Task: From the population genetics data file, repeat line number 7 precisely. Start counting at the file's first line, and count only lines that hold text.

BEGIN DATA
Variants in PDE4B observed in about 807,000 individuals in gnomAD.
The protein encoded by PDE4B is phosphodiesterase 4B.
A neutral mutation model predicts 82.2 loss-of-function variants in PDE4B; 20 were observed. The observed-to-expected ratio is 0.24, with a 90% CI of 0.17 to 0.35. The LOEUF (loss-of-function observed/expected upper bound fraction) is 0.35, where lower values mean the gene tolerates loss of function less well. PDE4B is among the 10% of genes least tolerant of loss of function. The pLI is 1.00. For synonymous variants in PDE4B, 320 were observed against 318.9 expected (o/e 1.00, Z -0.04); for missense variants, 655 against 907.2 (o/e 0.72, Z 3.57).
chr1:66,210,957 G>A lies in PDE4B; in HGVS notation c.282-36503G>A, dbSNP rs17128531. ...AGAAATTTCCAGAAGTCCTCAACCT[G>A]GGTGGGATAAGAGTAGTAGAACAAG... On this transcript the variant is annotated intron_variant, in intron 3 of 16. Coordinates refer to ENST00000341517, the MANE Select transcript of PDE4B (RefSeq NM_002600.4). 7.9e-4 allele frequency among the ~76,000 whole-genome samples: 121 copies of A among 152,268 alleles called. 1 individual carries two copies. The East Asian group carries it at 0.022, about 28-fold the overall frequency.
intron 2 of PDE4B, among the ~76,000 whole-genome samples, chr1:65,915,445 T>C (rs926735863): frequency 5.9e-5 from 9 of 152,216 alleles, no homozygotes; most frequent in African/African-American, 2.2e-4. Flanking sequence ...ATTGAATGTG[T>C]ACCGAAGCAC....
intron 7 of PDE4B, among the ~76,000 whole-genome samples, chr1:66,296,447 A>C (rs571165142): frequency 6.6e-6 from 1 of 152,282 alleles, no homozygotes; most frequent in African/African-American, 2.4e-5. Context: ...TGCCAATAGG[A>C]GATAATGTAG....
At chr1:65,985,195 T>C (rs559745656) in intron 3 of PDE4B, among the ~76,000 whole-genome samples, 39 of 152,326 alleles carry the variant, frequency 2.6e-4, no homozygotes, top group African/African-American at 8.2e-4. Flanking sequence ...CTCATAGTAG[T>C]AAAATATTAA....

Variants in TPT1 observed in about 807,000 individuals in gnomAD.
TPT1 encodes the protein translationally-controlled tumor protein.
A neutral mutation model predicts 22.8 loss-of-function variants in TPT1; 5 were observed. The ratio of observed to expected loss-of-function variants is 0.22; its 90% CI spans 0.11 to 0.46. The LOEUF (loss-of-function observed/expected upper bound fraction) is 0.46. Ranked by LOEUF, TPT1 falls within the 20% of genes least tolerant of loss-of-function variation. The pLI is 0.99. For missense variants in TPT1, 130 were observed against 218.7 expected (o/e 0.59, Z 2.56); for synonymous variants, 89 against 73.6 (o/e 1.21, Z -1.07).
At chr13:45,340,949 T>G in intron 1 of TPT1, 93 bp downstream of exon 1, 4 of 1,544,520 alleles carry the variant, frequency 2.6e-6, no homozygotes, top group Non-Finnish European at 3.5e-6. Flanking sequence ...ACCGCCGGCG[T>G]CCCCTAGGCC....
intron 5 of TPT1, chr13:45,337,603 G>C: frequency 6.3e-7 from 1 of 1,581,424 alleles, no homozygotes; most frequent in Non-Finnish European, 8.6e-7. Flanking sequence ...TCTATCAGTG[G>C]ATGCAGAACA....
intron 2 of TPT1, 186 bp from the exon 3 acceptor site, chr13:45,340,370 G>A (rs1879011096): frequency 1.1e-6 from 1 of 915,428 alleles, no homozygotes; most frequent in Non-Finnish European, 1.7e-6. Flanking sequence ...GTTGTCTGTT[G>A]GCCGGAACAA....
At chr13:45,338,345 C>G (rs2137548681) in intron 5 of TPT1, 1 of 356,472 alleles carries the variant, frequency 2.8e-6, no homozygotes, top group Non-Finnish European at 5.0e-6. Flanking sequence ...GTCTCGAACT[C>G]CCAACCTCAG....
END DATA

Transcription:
At chr1:65,985,195 T>C (rs559745656) in intron 3 of PDE4B, among the ~76,000 whole-genome samples, 39 of 152,326 alleles carry the variant, frequency 2.6e-4, no homozygotes, top group African/African-American at 8.2e-4. Flanking sequence ...CTCATAGTAG[T>C]AAAATATTAA....